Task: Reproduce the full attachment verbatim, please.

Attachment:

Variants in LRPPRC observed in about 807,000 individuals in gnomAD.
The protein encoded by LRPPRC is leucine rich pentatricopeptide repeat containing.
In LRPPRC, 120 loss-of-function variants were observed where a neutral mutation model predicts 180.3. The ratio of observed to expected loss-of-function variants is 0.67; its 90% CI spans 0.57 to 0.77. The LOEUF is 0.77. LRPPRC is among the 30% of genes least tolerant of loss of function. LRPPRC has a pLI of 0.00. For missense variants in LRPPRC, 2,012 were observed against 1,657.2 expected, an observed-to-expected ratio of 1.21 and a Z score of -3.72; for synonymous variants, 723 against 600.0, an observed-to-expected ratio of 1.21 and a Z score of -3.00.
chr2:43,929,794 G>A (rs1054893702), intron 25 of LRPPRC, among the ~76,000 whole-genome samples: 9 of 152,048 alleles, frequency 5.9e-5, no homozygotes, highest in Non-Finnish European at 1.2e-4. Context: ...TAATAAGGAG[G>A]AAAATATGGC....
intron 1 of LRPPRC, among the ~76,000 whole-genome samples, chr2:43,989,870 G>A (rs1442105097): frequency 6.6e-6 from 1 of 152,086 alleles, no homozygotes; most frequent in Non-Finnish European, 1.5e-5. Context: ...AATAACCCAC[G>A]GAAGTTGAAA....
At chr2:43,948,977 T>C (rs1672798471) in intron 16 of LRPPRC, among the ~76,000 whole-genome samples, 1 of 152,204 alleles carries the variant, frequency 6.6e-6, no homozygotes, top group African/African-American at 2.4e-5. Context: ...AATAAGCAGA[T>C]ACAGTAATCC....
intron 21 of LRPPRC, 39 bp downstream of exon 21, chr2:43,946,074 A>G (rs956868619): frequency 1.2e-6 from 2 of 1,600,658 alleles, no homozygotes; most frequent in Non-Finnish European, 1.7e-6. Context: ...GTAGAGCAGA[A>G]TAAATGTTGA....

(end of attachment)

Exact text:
Variants in LRPPRC observed in about 807,000 individuals in gnomAD.
The protein encoded by LRPPRC is leucine rich pentatricopeptide repeat containing.
In LRPPRC, 120 loss-of-function variants were observed where a neutral mutation model predicts 180.3. The ratio of observed to expected loss-of-function variants is 0.67; its 90% CI spans 0.57 to 0.77. The LOEUF is 0.77. LRPPRC is among the 30% of genes least tolerant of loss of function. LRPPRC has a pLI of 0.00. For missense variants in LRPPRC, 2,012 were observed against 1,657.2 expected, an observed-to-expected ratio of 1.21 and a Z score of -3.72; for synonymous variants, 723 against 600.0, an observed-to-expected ratio of 1.21 and a Z score of -3.00.
chr2:43,929,794 G>A (rs1054893702), intron 25 of LRPPRC, among the ~76,000 whole-genome samples: 9 of 152,048 alleles, frequency 5.9e-5, no homozygotes, highest in Non-Finnish European at 1.2e-4. Context: ...TAATAAGGAG[G>A]AAAATATGGC....
intron 1 of LRPPRC, among the ~76,000 whole-genome samples, chr2:43,989,870 G>A (rs1442105097): frequency 6.6e-6 from 1 of 152,086 alleles, no homozygotes; most frequent in Non-Finnish European, 1.5e-5. Context: ...AATAACCCAC[G>A]GAAGTTGAAA....
At chr2:43,948,977 T>C (rs1672798471) in intron 16 of LRPPRC, among the ~76,000 whole-genome samples, 1 of 152,204 alleles carries the variant, frequency 6.6e-6, no homozygotes, top group African/African-American at 2.4e-5. Context: ...AATAAGCAGA[T>C]ACAGTAATCC....
intron 21 of LRPPRC, 39 bp downstream of exon 21, chr2:43,946,074 A>G (rs956868619): frequency 1.2e-6 from 2 of 1,600,658 alleles, no homozygotes; most frequent in Non-Finnish European, 1.7e-6. Context: ...GTAGAGCAGA[A>G]TAAATGTTGA....